Esther continued down the hallway, hissing happily, which might not have been such a good thing on the balance. She turned to start down the sweeping staircase and came face to face with Finley, the underbutler. Almost running into her hissing snout apparently startled him so badly that he dropped the silver tray loaded with the morning post, and leaned precariously backwards. He made an “eeep” sound when she grabbed him by the collar, but at least he didn’t topple down the stairs.
“Kafira! That was close,” said Esther, as she steadied him on the step below her. “Are you all right?”
“Nothing a couple of liver pills won’t fix,” he said, bending down to pick up the dropped letters.
“If you’re sure then,” said Esther continuing down the stairs. At the foot of the staircase, she turned back around to see him still watching her. Esther gave him a little wave and, turning right and then right again, entered the dining room.
Two women, both in their early twenties, sat at the immense table, enjoying a breakfast feast. Esther sat down across from them. Fodora Epps and Regina Elipton were guests in the house rather than residents, at least nominally. Both had been staying there for almost a month. Besides being members of the aristocracy, and obnoxious twits, they were acquaintances of Lady Iolana’s from University.
“Good morning,” said Esther, taking a serving spoon and adding two slices of bacon, two large pieces of black pudding, and one basted egg to her plate. “Would you pass the ssscones, please?”
“Imagine letting that thing eat at the table,” said Fodora, looking from between the brunette ringlets that framed her face and down her long nose.
“Where is your owner?” asked Regina, a blonde with big eyes but no appreciable chin.
“I don’t know where Lady Iolana is,” said Esther, taking a bite of black pudding. “Ssso no ssscones then?”
Fodora pushed the plate of scones three inches toward the lizzie. Esther had to stand up to reach them. Taking a scone in one hand, she picked up the dish of lemon curd in the other and sat back down.
“I am ssso happy that you two are staying,” she said. “It would pain me if your families’ current financial sssituations forced you to live on the ssstreets.”
“My family is richer than yours,” snarled Regina, forgetting for a moment to whom she was speaking.
She had either forgotten or never bothered to commit to memory the fact that Esther had been adopted by Iolana Staff at a very early age. She had no proper lizzie family, and among the lizzies, even village chieftains would have been poor compared to the Eliptons of Brech. On the other hand, if one considered her part of the Dechantagne-Staff family, as Iolana did, there was no question that the Eliptons would have suffered in any comparison of wealth.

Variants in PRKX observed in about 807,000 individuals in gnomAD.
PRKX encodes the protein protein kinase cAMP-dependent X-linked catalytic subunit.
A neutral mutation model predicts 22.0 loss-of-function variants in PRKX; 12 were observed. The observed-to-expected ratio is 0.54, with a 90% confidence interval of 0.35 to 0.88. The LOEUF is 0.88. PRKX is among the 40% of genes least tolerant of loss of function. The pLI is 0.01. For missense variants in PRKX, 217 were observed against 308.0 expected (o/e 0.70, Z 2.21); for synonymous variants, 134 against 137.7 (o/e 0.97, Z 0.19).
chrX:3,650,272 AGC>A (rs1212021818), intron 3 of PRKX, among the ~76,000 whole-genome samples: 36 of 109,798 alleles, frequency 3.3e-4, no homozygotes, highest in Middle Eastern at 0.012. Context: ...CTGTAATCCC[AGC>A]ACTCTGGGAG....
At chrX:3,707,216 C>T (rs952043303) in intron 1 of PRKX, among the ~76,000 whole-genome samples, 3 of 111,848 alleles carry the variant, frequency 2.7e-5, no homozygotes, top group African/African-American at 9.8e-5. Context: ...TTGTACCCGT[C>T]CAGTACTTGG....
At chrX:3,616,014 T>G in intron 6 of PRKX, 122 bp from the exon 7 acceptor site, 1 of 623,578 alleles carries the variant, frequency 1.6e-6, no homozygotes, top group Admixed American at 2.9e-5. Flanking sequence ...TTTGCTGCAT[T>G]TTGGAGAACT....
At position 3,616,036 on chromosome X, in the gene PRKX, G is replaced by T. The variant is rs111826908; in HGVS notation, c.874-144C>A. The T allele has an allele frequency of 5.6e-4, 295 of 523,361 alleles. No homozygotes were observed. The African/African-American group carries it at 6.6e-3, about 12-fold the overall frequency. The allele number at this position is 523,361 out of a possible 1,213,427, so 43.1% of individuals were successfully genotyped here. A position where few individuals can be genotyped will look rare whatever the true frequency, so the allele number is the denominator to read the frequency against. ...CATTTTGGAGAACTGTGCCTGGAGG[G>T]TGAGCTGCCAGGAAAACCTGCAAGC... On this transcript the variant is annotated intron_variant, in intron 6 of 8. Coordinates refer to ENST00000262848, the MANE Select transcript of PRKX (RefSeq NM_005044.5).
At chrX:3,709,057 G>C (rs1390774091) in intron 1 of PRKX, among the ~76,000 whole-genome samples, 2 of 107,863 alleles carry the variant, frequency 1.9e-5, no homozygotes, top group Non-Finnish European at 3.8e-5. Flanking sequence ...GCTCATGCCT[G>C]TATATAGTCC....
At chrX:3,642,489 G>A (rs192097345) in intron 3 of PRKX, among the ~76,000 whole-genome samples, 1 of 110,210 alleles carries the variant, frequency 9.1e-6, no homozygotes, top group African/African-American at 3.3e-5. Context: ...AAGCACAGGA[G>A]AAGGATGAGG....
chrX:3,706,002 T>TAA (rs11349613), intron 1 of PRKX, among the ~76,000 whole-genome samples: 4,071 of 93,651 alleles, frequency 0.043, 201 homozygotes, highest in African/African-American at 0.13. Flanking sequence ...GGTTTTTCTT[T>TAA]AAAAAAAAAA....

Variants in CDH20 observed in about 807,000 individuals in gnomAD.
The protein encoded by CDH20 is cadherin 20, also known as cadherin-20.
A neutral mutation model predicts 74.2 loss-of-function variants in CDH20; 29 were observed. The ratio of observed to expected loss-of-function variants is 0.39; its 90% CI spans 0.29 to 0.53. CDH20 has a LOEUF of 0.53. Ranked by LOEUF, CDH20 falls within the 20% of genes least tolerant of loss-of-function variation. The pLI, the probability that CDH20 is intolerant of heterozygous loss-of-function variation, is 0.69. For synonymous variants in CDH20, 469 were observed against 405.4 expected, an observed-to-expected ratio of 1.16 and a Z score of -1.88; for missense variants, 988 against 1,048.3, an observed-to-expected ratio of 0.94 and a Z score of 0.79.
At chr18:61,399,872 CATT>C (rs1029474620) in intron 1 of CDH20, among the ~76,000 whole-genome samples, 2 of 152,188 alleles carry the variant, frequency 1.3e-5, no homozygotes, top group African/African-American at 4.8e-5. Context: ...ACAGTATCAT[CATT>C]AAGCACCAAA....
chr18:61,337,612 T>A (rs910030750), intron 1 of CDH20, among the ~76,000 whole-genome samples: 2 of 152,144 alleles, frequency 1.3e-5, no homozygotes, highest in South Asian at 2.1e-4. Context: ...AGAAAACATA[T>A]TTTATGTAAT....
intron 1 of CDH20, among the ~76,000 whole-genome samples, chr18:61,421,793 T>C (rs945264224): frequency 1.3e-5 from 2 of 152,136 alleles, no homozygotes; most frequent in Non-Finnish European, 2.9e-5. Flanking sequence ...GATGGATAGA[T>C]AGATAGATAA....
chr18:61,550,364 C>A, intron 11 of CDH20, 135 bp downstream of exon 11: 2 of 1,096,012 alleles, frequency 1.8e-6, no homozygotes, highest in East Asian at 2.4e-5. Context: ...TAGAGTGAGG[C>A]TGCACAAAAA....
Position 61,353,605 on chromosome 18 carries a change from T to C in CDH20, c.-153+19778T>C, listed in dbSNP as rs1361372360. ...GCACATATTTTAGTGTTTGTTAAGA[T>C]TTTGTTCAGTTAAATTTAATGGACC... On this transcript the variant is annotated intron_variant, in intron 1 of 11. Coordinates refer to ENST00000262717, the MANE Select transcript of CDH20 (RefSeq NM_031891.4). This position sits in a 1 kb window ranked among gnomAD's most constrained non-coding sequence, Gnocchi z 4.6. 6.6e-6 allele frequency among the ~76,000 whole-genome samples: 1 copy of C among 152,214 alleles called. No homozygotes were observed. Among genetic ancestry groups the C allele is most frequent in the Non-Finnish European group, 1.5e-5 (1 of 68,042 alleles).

Lady Iolana Staff swept into the room. At nineteen years of age, she had reached her full five foot seven inches height, and developed what among Brech women was considered the perfect figure. She was not particularly buxom, nor was her bottom, without a bustle, particularly large, but her waist was quite thin even without a corset. She was stunning, with waves of golden hair falling well past her shoulders and the same aquamarine eyes as her mother. She was already dressed to go out, in a rose and pink velvet day dress with a matching hat.
“Good morning, all.”
“It’s not been such a good morning,” said Regina. “Your lizzie has insulted my entire family.”
“How could you?” Iolana hissed at Esther.
The lizzie shrugged and ate her egg.
“You will have to excuse Esther. Obviously I have been lax in her education regarding etiquette. She will need, perhaps, some remediation.”
“You’ve done remarkably well with her,” said Fodora, “considering she is a member of an inferior race. Is it a good idea to have her at the table though? I’m afraid she might pass on some horrible pestilence.”
“That is highly unlikely for a number of reasons,” said Iolana. “I’m on my way out. I have several errands to run and would enjoy some company.”
“I’ll get my hat,” said Esther, starting to get up.
“I had planned on you being with me, but considering your behavior toward our guests, it would only be rewarding you to take you now.”
“In that case, Regina and I will accompany you,” said Fodora.
“Excellent,” said Iolana. “We’ll have luncheon at The Clarkson House.”
“Tonahass ssotook, ssisthusso,” said Esther, giving the two women a friendly wave as they left the table.
“Khikheto etehos,” snapped Iolana, who then turned and followed the other two women from the room.
Esther let out a very human sigh and then looked over the rest of the food. She was satisfied that she had enough protein but she ate several pickles directly from the relish tray. She noticed one of the maids peeking in and waved for her to go ahead and clear the table.